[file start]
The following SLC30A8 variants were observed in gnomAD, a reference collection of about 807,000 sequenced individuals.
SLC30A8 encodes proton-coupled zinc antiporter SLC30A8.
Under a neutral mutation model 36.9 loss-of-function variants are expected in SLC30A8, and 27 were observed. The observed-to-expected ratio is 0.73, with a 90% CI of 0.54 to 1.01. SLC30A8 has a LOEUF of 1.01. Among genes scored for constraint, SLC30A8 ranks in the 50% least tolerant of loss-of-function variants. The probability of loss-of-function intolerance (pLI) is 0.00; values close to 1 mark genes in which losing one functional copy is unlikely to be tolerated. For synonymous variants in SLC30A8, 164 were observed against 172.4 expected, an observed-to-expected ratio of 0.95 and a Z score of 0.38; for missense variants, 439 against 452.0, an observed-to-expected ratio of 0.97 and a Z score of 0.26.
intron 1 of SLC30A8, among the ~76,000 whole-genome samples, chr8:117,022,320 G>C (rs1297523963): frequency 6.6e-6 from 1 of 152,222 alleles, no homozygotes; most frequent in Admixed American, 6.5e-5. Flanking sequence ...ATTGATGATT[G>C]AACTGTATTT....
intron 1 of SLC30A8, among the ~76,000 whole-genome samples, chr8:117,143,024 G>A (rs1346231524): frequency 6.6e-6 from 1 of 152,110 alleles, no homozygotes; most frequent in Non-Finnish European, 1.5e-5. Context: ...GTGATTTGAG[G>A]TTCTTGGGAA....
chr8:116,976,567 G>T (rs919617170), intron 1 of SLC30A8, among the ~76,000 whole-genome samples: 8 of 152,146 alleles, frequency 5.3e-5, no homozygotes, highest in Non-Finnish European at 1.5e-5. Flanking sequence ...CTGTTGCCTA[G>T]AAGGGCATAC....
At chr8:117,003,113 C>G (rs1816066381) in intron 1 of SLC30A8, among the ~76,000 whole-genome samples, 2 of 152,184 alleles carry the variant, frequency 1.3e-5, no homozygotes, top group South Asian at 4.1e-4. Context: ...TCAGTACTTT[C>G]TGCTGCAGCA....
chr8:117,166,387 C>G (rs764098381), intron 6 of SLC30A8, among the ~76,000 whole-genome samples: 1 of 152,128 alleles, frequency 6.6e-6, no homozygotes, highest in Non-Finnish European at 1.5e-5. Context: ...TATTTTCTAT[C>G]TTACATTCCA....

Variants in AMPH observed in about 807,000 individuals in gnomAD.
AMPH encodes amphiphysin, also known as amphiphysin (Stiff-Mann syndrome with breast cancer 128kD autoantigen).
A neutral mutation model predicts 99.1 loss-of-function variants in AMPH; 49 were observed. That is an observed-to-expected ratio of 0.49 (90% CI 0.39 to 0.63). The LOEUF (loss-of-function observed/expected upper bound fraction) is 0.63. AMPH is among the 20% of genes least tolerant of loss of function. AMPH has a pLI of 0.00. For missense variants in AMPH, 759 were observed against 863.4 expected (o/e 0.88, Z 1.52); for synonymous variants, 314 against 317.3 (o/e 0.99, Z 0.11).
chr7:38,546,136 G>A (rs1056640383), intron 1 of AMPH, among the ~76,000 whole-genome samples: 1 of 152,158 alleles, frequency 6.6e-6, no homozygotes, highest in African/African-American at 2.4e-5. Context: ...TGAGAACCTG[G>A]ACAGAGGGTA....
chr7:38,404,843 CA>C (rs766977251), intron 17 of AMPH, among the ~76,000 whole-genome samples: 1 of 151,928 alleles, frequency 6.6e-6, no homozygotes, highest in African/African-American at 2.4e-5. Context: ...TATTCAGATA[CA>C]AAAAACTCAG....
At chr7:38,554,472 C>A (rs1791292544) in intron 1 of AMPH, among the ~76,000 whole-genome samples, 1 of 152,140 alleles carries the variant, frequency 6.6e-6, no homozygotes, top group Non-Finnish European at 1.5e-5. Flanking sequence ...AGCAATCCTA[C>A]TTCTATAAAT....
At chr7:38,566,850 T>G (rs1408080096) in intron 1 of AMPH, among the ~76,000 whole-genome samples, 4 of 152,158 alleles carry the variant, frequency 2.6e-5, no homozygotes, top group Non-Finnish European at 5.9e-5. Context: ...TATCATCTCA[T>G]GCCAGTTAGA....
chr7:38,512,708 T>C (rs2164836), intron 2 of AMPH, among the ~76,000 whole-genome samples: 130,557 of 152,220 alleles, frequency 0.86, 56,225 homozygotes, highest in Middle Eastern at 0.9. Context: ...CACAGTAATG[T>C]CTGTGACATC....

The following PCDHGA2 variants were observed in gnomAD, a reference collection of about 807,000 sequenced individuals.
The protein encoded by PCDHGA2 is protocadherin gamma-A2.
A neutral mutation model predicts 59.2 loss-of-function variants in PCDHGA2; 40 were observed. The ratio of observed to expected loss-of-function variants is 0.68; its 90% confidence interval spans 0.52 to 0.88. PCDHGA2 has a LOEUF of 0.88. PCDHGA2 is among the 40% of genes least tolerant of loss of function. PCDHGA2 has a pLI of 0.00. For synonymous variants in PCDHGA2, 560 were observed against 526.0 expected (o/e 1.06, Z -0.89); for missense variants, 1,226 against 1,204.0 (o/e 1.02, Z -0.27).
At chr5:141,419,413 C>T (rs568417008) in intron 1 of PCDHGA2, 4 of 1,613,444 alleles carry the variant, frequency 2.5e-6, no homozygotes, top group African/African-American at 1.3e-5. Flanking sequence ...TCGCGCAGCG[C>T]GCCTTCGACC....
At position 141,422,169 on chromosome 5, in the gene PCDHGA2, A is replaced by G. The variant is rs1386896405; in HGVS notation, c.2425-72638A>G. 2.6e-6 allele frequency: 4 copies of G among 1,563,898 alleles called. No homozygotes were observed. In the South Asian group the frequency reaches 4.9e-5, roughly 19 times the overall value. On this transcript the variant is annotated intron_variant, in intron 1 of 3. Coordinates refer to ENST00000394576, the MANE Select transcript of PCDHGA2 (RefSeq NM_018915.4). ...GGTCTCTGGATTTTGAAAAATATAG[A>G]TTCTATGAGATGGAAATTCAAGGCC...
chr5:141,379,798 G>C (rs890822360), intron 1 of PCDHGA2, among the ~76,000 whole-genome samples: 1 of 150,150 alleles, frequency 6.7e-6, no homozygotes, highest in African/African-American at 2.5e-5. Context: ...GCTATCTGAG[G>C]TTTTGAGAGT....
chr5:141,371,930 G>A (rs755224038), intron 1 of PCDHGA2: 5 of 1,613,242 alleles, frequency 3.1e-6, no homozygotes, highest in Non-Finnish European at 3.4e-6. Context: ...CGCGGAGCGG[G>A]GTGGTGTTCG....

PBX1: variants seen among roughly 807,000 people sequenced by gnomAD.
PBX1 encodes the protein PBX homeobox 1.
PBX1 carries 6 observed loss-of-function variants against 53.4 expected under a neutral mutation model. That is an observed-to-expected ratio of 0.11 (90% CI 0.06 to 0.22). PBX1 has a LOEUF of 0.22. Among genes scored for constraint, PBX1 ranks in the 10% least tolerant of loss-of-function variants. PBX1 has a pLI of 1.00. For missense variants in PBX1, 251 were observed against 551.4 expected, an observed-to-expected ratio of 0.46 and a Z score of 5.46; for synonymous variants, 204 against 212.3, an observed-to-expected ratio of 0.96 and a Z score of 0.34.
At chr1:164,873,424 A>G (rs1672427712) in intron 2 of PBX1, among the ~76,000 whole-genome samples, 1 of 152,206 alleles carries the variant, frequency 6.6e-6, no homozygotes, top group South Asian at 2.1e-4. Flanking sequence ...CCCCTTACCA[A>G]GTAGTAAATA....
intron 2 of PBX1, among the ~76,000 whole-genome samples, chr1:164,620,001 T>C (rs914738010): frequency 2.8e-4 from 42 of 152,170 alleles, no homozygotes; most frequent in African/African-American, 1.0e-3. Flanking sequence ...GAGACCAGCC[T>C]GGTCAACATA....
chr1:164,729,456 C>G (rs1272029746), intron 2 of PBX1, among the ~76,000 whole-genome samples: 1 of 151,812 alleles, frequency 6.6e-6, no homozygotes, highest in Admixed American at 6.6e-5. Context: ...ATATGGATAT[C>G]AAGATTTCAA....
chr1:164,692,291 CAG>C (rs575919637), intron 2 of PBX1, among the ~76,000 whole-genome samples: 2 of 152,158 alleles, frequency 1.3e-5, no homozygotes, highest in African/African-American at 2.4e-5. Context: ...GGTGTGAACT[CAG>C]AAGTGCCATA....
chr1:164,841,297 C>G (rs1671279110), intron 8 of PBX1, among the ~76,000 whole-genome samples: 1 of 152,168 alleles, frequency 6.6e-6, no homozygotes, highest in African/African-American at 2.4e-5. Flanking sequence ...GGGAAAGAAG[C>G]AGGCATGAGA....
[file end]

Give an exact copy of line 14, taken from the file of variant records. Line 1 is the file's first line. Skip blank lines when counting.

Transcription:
At chr7:38,554,472 C>A (rs1791292544) in intron 1 of AMPH, among the ~76,000 whole-genome samples, 1 of 152,140 alleles carries the variant, frequency 6.6e-6, no homozygotes, top group Non-Finnish European at 1.5e-5. Flanking sequence ...AGCAATCCTA[C>A]TTCTATAAAT....